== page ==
Robotech: Battlecry by TDK Mediactive is the first game, stateside, to be released that is based on the popular Macross spin-off made mini-series, Robotech. It is based on the first and most popular mini-series in the saga and allows you to pilot a transformable Veritech fighter in a variety of situations. Fans of the 1980s animated series will be glad to know that developer Vicious Cycle went to great lengths to instill the same sense of mech-lovin’ found in the show. However, they may not be too happy to find out that despite the inclusion of original voice-talent from the show, cel-shaded graphics that closely mimick the Robotech universe, and the ability to transform the Veritech at will, the title still comes off as an average mech game with bland objectives and sloppy play-control.
You’ll play the part of Jack Archer, pilot for the Robotech Defense Federation and all-around good guy. The goal of this global agency is to protect a downed alien ship that struck earth ten years earlier. This alien ship was codenamed the SDF-1, and its origins were unknown until the aliens discovered the location of their crashed ship. The story begins with a sequence that pits you against the giant-sized alien race known as the Zentraedi, as they execute a surprise attack on earth. These are powerful aliens you’re dealing with here so it is only appropriate that your Veritech fighter is decked out with an arsenal of offensive weapons and maneuvers. The Vertitech that you’ll control is capable of transforming into three distinct forms: a jet fighter, a half-jet half bi-pedal mech, and an agile battloid automaton. Each form can be easily taken via pushing the correct direction on the D-pad, and as you progress you’ll find that transforming between these different mech variants will seem like second nature.
You’ll also become accustomed to switching between forms based on the lay of the land. For example, the jet/mech hybrid is a good form to take on ground-based missions since it can move vertically, hover, and is fairly agile considering its capabilities. However, in high-speed space missions the jet form is the best way to go since it has the fastest acceleration, speed, and can easily dodge incoming missiles using barrel rolls. While any form can be taken at any time during the game, it is recommended that you become familiar with the current stage and determine which form could be best utilized and stick with it, otherwise you’ll quickly learn the intricacies of the “retry” function.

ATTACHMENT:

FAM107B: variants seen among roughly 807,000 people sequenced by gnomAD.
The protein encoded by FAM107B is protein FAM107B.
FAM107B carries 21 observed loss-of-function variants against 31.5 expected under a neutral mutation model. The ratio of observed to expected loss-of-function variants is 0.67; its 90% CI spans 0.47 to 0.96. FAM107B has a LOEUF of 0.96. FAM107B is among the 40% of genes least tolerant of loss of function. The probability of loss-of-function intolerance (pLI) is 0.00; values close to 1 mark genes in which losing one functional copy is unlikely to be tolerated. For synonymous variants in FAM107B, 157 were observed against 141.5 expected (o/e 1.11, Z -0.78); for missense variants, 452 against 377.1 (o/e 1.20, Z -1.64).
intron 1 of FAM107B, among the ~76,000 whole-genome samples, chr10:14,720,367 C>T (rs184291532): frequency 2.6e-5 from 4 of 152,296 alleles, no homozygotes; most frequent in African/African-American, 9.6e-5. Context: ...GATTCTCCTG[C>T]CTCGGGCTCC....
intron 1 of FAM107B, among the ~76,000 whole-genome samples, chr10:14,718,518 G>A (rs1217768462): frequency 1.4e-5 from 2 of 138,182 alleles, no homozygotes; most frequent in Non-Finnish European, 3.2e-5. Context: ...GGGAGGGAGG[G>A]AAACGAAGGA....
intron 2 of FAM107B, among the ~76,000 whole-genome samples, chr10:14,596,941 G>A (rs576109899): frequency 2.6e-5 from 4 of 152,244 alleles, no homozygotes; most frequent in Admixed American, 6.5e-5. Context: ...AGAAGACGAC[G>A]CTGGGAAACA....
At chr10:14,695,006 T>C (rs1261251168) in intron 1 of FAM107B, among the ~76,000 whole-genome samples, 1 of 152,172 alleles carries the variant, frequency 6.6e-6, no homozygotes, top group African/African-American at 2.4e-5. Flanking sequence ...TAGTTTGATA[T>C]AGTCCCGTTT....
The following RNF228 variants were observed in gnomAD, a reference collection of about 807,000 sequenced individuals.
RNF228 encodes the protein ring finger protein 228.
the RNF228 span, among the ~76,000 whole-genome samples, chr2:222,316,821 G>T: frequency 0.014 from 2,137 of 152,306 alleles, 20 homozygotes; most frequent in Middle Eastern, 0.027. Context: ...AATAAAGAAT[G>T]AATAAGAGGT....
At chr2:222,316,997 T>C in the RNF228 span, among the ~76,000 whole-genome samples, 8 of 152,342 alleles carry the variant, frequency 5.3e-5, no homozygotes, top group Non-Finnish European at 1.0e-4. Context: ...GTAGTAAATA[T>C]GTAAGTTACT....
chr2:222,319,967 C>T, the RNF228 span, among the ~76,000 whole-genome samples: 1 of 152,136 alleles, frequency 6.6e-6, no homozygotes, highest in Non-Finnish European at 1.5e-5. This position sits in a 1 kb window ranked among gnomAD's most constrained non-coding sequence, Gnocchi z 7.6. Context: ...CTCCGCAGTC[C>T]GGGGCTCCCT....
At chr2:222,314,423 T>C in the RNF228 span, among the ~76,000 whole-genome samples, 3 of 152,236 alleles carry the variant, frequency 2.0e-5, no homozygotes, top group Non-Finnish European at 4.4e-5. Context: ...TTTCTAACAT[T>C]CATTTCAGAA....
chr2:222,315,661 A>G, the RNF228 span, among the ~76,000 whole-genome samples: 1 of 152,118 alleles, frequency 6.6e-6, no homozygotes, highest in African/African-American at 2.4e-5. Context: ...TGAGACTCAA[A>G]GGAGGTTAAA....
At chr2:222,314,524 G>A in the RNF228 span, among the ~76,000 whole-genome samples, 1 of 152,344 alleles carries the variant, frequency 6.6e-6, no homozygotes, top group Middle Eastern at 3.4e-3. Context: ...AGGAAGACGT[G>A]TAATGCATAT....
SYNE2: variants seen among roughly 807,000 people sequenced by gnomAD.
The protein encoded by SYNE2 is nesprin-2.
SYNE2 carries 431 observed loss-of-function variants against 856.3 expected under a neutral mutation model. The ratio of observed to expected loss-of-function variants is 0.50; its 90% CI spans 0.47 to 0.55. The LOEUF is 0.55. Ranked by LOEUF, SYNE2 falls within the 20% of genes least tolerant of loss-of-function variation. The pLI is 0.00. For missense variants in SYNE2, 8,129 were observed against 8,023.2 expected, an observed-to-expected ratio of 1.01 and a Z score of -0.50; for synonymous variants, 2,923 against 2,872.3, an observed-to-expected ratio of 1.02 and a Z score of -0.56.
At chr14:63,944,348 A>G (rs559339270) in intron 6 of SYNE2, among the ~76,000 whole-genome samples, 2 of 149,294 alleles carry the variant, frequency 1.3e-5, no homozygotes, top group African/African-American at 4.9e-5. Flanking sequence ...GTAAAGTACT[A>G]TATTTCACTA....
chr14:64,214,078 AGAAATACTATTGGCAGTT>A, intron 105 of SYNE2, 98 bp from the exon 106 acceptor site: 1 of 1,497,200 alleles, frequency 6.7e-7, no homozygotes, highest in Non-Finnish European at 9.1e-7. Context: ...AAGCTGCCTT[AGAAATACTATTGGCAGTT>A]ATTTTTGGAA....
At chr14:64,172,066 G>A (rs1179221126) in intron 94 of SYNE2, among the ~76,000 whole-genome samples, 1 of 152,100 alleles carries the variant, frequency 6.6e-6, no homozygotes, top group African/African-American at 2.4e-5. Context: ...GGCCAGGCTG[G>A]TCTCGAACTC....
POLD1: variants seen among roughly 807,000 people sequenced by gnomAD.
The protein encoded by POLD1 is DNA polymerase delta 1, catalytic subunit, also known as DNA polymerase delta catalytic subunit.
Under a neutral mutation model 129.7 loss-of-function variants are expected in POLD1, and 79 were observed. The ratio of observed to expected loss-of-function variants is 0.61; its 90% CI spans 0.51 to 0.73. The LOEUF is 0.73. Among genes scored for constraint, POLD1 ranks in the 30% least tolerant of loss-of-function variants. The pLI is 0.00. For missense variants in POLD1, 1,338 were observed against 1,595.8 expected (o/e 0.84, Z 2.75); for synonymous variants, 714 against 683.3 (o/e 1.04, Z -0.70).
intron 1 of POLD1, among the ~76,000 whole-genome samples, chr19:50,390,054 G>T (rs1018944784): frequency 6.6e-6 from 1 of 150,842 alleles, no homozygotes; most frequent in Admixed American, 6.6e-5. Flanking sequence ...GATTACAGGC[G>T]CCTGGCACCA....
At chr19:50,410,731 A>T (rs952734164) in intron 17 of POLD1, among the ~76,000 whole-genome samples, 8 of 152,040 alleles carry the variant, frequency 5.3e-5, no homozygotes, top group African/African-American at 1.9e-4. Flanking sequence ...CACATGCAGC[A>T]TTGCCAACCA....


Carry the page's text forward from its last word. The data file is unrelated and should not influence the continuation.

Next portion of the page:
The missions in Robotech can be essentially grouped into two categories: high-flying space missions and claustrophobic missions on sparsely populated city streets. The basic premise of each type of stage is the same: blow up the opponents or protect the allies. This is accomplished by using homing missiles or your cannons. You’ll be able to change your perspective with the L-analog stick, and the R-analog stick switches between enemy lock-ons. The game is heavily reliant on auto-aiming, and it works for the majority of the time but occasionally you’ll be auto-locked on an opponent that flies directly over you, which forces you to either target another enemy or use the games sluggish maneuvering to continue to chase the locked-on alien. The gameplay doesn’t come close to mimicking the intense fast-paced action of the show, which is a major disappointment.
The weapons in Robotech: Battlecry get the job done but are far from impressive. Each form you take will have a primary and secondary weapon. Ammo is unlimited but requires time to recharge. The primary weapon is something akin to a machine gun and the secondary weapons are the same “drunken missiles” found in the show, which can be locked-on to multiple enemies in the same style as Rez or Panzer Dragoon.
While the gameplay is a tad too slow-paced and the objectives are somewhat generic considering the subject matter, fans of the series should find a few things to like with Robotech: Battlecry. Characters from the Robotech series make guest appearances in-game and in cut-scenes as you progress through the game, and the visual style of Battlecry is quite similar to that of its TV counterpart.
Visually, the game looks great as far as the ship designs and character models are concerned, but the environments, particularly the city landscapes, lack detail and an adequate amount of polish. They look like quickly-constructed props whose purpose is to serve as place-keepers until the real graphics are added. The cut-scenes between missions don’t really feel like they share any similarities with the show on which they are based, but on their own merits are pretty cool looking. Aurally, Battlecry also misses the mark. The various in-game orchestrations are not even remotely related to the series’ tunes and while they do fit nicely with the on-screen action, they are by and large completely forgettable. Voice acting is high-quality stuff but nothing that will win the voice-actors any critical acclaim. Sound effects purport a high-sense of excitement but are not varied enough to remain entertaining.
Overall, Robotech: Battlecry will have a hard time appealing to anyone but die-hard fans of the series, and even then, it is unlikely that it will stay entertaining for more than a few hours. The visual style of the game is a nice digital representation of the Robotech universe but the boring mission objectives, sluggish gameplay, and lackluster voice-acting relegate this title to slightly-above-average status. Rent before you buy.